Rakon chairman Bryan Mogridge has hit back at criticism from the Shareholders Association, which says the release of a trading update less than an hour before the start of the company's annual meeting last week was "disturbing" and put some investors at a disadvantage.

Grant Diggle, the association's acting chairman, said information in the market update - which forecast a $54 million full-year loss - was critical for shareholders to make informed decisions about the firm, whose shares have slumped 50 per cent over the past 12 months on the back of poor trading results.

"This last minute release of significant information meant shareholders who had given a proxy vote could not reconsider their voting intentions as to the re-election of the independent chairman Mr Mogridge, executive director Mr [Darren]Robinson and the election of independent director Mr [Herb] Hunt," Diggle said.

Mogridge said Rakon - whose crystal oscillator products are crucial components of telecommunications infrastructure and consumer goods such as smartphones - had a board meeting on Friday morning and had no option other than to release the trading update at 1.04pm that afternoon, 56 minutes before the start of the annual meeting.


"It wasn't done deliberately," he said. "It's mischievous to suggest that it was."

The Shareholders Association opposed the re-election of Mogridge and Robinson at last week's meeting, saying Rakon had lost credibility in the market.

But despite the group's opposition, both directors were re-elected.

Hunt, a former IBM executive who joined the board as an independent director last year, was formally elected by shareholders.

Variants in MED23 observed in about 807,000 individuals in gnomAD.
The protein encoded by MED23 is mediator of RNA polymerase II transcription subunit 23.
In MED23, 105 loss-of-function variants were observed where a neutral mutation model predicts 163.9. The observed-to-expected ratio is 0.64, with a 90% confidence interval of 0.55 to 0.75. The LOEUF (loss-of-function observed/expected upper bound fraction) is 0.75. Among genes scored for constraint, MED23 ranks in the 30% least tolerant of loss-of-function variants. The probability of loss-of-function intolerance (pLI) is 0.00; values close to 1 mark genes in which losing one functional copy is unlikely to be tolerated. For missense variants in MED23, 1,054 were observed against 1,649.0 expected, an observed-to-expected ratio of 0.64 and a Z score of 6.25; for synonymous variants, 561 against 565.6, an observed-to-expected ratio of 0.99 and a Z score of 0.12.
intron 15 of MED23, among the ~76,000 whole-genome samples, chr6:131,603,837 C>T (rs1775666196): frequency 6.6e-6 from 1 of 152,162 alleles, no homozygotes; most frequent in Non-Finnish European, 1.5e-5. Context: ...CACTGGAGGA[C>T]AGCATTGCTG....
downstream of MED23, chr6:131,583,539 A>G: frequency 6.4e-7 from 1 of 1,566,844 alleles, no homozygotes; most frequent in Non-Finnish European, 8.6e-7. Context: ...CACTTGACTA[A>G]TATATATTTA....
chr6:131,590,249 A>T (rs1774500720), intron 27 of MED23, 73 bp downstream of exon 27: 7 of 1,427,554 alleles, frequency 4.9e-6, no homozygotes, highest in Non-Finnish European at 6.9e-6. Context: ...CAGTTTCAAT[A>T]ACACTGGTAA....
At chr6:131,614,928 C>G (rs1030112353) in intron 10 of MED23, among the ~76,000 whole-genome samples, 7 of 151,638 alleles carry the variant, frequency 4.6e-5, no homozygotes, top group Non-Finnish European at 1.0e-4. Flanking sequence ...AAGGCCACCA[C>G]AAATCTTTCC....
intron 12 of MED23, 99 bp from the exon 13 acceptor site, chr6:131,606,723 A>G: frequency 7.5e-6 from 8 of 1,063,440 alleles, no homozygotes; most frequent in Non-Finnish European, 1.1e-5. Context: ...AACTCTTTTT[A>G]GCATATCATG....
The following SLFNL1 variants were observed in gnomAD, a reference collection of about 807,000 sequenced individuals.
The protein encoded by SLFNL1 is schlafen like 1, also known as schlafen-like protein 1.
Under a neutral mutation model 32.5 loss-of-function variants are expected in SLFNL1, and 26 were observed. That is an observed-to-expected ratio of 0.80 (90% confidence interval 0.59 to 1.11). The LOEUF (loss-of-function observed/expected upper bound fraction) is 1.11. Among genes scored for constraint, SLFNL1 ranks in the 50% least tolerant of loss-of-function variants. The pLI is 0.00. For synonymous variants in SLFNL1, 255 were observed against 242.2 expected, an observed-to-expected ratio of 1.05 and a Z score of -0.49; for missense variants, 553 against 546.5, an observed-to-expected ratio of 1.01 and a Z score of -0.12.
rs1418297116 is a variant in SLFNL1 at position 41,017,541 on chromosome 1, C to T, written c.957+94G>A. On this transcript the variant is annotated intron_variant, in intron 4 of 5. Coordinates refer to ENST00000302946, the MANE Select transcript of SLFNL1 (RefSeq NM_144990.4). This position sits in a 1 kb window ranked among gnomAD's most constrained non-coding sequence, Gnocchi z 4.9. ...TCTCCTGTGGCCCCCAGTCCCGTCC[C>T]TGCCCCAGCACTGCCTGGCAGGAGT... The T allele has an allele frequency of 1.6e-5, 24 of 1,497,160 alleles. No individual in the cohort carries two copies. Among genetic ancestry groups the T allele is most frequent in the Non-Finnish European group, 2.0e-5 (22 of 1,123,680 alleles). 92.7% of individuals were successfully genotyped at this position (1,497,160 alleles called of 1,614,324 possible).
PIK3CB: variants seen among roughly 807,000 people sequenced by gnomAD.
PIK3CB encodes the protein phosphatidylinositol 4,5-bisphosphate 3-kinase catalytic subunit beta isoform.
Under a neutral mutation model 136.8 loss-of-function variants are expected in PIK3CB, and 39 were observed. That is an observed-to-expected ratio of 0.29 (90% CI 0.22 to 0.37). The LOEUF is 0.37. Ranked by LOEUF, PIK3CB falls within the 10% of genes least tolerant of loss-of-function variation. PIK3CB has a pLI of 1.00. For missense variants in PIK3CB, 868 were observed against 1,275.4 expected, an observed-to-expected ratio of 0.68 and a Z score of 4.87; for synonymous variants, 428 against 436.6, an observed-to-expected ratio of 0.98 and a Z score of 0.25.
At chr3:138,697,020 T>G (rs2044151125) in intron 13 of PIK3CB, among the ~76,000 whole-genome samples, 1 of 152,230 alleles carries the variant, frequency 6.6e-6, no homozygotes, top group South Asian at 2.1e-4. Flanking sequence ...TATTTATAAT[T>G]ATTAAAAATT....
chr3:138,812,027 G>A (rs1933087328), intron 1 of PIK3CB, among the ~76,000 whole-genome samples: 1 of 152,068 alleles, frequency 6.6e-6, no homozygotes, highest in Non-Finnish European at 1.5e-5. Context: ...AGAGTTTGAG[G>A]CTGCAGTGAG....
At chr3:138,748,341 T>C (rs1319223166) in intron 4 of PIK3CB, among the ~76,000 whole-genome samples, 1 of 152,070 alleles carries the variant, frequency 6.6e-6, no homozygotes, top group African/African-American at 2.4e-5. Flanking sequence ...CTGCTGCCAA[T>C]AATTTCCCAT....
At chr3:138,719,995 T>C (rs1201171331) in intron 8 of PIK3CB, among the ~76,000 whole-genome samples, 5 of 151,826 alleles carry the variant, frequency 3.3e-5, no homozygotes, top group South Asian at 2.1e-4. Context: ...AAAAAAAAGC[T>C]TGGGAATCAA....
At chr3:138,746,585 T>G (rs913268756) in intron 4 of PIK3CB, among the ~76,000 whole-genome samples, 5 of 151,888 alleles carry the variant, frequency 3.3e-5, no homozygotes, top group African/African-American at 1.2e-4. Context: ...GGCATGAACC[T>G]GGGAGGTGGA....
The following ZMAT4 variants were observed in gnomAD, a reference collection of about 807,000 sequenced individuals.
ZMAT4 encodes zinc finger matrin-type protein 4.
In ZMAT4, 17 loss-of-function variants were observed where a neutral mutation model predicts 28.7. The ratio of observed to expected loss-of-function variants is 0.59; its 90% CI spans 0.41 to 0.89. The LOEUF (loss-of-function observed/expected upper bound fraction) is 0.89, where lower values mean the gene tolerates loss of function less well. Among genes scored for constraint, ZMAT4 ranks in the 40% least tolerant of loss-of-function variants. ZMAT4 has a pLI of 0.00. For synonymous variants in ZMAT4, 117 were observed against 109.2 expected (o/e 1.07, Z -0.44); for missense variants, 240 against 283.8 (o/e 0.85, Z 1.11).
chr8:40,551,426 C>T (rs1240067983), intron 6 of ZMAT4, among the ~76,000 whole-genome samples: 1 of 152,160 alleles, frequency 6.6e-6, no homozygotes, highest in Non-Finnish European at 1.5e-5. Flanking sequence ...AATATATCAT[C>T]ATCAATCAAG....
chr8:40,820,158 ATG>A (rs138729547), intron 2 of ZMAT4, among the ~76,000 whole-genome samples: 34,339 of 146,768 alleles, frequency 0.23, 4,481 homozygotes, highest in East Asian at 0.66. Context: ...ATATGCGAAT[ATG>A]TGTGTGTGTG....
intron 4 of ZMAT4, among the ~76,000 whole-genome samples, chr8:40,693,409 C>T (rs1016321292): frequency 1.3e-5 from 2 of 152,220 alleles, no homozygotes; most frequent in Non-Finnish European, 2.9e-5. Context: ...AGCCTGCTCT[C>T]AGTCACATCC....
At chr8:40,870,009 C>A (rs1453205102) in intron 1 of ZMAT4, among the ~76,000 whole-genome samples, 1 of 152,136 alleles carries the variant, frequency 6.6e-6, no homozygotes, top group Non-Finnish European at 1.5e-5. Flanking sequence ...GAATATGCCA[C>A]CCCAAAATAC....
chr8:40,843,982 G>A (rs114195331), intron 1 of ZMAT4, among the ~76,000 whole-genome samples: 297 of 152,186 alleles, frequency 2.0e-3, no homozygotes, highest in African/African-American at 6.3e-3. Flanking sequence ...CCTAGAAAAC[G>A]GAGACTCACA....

"Given the number of shares held by members of the board and interests associated with the board it was no surprise that all three were elected," Diggle said.

But he said the level of votes cast against Mogridge (17 per cent of the total) and Robinson (19 per cent of the total) was surprising, especially as Hunt was supported by 99 per cent of the votes cast.

"The Rakon shareholders have sent a powerful message to the board that they are displeased with the performance of the company and are looking for either an improvement in performance or a change in the composition of the board," Diggle said.

Asked whether he thought shareholders were disappointed with the company and board's performance, Mogridge said: "Of course they are."

At Friday's meeting he told shareholders that he was very conscious of Rakon's recent "rubbishy performance".

Mogridge said Rakon never wanted to repeat the performance of its last financial year, in which it posted a $32.8 million loss.

"It felt like for every step forward we were forced to take three steps back," he said.

Rakon is being hit by a big drop in the pricing it receives for products supplied to manufacturers of smart wireless devices such as smartphones and tablet computers, which it blames on a massive devaluation in the yen and the advantages that provided for its Japanese competitors.

In response, the company is selling an 80 per cent stake in Rakon Crystal Chengdu - a Chinese manufacturing plant it commissioned in 2011 to produce products for the smart wireless device market.

The proceeds of the sale, around US$19 million, will be used to pay down Rakon's debt.

The company says it is moving its focus away from the smart wireless device market towards three market segments: global telecommunications infrastructure, the avionics, space and defence industries and specialised global positioning system (GPS) devices.

On the back of those changes the company has forecast earnings before interest, tax, depreciation and amortisation (ebitda) of $10 to $15 million and a return to profit in the 2015 financial year.

Rakon shares, which were worth almost $6 in 2007, were trading at 22c just before midday.